A. The community will lose control of the club, recreational facilities, sales center, and over 100 acres of land in the community. This will jeopardize your lifestyle and put the value of your home at risk. Need proof? Consider the recent article in the Wall Street Journal on golf course communities included with the other relevant information. It documents the sharp drop in home values in country club communities when the gold course closes.
Q. Why is it necessary for UPRD to purchase the country club, recreational facilities, sales center, and approximately 100 acres of land in the community?
A. The owners want to sell the club, recreational facilities, sales center and land. If UPRD does not purchase them, then one of three things will happen:
- Owners will close some or all of the facilities and the course, and then move to rezone the land and develop more homes.
- Owners will sell to a third party who would do the same thing.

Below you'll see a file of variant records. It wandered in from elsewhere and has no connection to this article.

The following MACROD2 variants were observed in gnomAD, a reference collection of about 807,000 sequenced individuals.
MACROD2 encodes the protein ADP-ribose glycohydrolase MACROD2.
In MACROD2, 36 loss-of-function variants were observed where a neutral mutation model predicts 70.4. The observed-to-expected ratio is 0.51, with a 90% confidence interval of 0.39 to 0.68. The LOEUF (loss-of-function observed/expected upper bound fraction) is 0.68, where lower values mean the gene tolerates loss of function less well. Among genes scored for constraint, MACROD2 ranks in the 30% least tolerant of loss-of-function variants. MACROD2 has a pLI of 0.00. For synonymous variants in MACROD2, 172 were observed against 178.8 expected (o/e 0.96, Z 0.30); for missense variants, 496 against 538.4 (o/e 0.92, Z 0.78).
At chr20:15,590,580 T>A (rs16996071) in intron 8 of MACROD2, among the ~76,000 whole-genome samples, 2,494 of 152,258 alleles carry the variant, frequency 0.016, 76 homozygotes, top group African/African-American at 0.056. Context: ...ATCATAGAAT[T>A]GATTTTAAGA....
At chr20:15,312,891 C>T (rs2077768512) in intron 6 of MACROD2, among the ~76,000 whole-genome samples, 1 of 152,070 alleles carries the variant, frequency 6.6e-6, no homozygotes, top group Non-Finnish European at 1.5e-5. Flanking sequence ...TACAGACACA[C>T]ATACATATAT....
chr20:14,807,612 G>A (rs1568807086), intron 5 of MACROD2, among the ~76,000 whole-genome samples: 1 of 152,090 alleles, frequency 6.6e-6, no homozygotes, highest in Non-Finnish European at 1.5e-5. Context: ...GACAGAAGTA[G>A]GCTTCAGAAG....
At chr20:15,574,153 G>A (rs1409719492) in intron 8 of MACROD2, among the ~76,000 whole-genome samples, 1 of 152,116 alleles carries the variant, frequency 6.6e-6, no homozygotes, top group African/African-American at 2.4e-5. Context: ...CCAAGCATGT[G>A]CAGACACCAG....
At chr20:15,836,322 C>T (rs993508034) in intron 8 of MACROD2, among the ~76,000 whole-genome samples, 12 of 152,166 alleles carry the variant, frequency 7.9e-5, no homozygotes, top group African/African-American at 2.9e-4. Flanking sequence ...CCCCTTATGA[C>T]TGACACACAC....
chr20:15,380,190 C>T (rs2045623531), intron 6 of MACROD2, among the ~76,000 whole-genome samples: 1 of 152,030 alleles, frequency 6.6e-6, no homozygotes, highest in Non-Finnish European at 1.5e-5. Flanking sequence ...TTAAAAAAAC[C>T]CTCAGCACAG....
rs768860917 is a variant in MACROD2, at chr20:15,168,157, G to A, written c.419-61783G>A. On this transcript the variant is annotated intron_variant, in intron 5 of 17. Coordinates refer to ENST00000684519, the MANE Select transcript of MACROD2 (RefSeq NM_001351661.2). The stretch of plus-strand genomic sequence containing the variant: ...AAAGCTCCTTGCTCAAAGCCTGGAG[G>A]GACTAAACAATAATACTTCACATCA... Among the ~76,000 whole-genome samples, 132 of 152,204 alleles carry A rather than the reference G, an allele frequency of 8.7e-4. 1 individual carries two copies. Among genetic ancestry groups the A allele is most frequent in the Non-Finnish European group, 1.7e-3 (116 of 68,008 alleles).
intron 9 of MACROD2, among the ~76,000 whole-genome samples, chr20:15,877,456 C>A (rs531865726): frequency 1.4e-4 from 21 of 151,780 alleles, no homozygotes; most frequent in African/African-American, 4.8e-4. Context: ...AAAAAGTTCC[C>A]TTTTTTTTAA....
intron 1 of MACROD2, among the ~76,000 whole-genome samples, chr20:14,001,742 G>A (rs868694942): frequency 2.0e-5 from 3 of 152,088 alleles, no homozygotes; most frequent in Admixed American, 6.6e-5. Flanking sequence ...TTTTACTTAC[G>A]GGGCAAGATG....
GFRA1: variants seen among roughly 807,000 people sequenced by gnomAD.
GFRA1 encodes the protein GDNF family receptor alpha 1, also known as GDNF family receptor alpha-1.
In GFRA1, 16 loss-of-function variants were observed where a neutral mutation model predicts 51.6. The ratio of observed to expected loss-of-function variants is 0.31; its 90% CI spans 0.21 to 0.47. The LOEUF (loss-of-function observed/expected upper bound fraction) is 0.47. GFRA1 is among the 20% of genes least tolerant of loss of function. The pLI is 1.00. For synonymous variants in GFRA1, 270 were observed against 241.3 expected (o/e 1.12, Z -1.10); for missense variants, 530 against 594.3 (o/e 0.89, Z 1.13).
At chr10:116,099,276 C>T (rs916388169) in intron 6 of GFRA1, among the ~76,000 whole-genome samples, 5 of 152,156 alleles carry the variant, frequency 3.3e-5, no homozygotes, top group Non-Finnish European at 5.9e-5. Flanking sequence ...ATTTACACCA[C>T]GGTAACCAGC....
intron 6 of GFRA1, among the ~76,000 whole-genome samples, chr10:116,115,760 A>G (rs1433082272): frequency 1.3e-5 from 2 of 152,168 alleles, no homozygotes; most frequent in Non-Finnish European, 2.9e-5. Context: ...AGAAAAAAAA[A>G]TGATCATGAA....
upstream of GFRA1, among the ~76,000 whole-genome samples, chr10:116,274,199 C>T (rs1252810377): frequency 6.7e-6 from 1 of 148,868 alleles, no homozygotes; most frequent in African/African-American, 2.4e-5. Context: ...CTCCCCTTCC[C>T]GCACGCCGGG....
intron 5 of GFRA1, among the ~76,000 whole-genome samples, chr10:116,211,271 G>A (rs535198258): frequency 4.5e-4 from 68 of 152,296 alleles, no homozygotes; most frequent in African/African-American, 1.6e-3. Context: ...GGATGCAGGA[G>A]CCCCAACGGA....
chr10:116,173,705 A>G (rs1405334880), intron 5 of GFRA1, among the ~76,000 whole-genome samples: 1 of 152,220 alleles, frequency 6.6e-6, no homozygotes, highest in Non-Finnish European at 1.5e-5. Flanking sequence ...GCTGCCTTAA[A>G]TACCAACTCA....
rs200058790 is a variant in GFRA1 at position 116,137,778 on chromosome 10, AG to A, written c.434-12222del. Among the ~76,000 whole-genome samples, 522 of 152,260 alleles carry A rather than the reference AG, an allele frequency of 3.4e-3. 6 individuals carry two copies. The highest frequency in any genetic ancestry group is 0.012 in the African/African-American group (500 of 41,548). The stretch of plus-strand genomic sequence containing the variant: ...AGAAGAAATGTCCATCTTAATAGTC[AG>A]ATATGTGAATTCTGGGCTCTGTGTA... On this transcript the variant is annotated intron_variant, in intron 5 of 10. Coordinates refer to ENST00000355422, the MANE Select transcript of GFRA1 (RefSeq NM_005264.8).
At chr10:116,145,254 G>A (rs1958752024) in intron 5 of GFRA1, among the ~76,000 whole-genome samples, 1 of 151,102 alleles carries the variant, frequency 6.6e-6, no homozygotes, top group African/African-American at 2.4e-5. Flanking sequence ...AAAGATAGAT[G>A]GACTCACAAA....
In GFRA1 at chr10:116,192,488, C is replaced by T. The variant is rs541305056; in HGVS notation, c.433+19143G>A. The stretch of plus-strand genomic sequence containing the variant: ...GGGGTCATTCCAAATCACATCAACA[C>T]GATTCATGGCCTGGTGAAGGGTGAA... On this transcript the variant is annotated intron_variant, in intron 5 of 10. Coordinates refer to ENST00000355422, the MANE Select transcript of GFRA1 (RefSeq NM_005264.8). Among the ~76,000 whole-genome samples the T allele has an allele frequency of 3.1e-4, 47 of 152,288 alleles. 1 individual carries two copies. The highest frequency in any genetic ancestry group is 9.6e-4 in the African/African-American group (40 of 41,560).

- Owners will close some or all of the facilities and the course and then let them sit fallow until the community purchases them or supports redevelopment with more homes.
Any of these options would put your lifestyle and your home value at risk.
Q. Is the golf course and club facility self-sustaining?
A. Yes. As shown in the budget summary for the club, it not only covers 100% of its costs, but it also generates substantial net income. The net income is more than sufficient to cover all costs of the club and the UPRD and still provide a stream of funds for reserves and new projects.